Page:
Neurobehavioral functioning in obstructive sleep apnea: differential effects of sleep quality, hypoxemia and subjective sleepiness

J Clin Exp Neuropsychol. 2004 Feb;26(1):43-54. doi: 10.1076/jcen.


This study evaluated the relationship between neuropsychological and affective functioning, subjective sleepiness and sleep-disordered breathing in 100 patients with obstructive sleep apnea (OSA). Using principal components analysis, three indices of sleep-disordered breathing were identified from polysomnography: sleep disturbance, extent of nocturnal hypoxemia, and sleep quality. Poorer sleep quality was related to slower processing speed, somatic symptomatology and tension-anxiety levels. Nocturnal hypoxemia was related to visuconstructional abilities, processing speed and mental flexibility. Patients who had high levels of subjective sleepiness had poorer performances on a complex task of executive functioning and higher levels of tension-anxiety. These results imply a differential effect of sleep-disordered breathing on domains of neuropsychological functioning. Additionally, they suggest that a patient's subjective level of sleepiness is a good predictor of certain aspects of neurobehavioral functioning.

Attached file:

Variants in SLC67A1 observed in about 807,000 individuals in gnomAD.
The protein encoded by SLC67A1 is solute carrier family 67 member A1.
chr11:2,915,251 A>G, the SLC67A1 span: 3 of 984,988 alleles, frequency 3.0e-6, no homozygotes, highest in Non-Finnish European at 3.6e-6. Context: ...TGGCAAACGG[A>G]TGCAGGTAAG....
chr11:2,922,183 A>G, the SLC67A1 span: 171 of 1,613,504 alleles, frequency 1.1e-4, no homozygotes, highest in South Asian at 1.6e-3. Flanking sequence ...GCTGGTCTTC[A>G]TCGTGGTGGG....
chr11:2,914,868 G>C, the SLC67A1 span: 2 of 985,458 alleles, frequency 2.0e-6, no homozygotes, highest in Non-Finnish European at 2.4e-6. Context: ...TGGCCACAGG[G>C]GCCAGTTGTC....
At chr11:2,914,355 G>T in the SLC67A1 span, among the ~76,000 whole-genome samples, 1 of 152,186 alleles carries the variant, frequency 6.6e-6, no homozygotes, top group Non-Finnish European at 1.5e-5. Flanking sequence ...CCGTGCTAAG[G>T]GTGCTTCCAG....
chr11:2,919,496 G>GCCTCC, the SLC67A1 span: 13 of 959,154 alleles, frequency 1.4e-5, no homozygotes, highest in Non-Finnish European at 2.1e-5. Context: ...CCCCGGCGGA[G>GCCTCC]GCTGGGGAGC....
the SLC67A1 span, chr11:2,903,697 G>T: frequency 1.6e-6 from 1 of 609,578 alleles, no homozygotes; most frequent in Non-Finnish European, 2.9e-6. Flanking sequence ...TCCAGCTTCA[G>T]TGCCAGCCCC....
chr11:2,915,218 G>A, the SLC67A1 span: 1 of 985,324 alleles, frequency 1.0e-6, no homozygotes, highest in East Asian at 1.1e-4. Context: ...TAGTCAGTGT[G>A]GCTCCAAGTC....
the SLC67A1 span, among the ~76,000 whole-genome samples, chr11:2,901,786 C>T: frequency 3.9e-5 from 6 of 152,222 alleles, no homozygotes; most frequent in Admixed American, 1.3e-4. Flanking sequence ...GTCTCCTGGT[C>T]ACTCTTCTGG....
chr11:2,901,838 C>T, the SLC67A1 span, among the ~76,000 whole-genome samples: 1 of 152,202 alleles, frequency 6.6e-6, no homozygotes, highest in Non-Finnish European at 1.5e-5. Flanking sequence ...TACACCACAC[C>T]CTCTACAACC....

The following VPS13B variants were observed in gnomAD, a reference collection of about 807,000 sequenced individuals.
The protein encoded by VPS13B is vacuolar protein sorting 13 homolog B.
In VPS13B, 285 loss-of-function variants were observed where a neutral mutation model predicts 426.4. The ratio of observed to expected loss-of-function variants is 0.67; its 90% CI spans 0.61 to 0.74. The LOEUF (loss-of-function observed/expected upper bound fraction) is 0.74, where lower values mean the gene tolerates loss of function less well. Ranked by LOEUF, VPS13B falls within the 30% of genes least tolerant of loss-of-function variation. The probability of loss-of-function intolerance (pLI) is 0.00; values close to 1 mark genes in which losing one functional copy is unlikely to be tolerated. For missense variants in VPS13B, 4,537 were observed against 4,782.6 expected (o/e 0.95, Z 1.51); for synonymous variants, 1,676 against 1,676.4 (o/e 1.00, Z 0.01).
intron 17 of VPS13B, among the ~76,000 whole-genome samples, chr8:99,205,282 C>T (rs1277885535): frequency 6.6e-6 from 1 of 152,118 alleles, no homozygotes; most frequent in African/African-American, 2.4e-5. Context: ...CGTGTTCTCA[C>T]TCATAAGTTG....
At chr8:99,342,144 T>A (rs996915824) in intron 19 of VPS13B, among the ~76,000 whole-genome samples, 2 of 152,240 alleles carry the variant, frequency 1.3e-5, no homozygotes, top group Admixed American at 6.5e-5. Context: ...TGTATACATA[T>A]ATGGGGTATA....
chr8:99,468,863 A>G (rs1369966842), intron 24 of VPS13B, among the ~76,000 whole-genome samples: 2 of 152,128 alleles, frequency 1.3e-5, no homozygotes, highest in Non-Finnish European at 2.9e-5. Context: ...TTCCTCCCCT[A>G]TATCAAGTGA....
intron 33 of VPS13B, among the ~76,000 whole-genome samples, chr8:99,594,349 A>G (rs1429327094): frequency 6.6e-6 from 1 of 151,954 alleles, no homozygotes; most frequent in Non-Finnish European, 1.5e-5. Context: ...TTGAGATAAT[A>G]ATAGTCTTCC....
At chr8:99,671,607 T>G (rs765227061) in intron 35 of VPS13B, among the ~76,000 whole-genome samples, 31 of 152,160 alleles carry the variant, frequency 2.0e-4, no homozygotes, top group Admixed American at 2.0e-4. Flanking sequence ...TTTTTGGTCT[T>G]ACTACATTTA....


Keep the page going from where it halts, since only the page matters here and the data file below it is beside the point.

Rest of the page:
Publication types

  • Comparative Study

MeSH terms

  • Adult
  • Affect / physiology*
  • Case-Control Studies
  • Female
  • Humans
  • Hypoxia / etiology*
  • Male
  • Memory, Short-Term / physiology*
  • Middle Aged
  • Neuropsychological Tests / statistics & numerical data
  • Polysomnography / methods
  • Principal Component Analysis / methods
  • Problem Solving
  • Psychomotor Performance
  • Reaction Time / physiology*
  • Sleep / physiology*
  • Sleep Apnea, Obstructive / complications
  • Sleep Apnea, Obstructive / physiopathology*
  • Sleep Stages
  • Verbal Learning / physiology
  • Visual Perception